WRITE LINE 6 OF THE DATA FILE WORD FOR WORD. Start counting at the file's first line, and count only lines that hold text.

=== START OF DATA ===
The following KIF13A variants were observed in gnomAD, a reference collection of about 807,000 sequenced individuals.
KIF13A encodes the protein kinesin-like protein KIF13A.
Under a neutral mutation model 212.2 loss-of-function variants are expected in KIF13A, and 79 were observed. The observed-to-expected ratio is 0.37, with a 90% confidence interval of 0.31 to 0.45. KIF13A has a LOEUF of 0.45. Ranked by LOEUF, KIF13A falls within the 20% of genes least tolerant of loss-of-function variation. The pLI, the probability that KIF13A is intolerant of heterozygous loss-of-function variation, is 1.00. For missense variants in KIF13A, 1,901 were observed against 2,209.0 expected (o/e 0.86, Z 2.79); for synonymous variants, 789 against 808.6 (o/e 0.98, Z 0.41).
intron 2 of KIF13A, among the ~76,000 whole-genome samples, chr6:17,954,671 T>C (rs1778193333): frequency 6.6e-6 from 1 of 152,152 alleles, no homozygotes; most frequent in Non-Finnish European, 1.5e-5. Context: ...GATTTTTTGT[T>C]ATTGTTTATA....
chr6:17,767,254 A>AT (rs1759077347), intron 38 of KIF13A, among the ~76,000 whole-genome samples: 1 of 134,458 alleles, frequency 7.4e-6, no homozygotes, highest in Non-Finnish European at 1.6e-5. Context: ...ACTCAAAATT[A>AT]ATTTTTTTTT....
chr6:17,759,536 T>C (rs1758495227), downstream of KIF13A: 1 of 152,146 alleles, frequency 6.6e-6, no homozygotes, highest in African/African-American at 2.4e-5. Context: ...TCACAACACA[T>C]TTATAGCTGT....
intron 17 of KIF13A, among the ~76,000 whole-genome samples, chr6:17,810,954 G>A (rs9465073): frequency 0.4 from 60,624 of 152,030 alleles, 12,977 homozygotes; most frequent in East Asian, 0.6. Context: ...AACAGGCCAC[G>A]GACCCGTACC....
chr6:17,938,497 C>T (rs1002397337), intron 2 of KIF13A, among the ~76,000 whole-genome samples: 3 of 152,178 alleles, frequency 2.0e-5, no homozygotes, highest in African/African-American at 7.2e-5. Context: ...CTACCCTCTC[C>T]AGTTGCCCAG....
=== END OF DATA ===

chr6:17,759,536 T>C (rs1758495227), downstream of KIF13A: 1 of 152,146 alleles, frequency 6.6e-6, no homozygotes, highest in African/African-American at 2.4e-5. Context: ...TCACAACACA[T>C]TTATAGCTGT....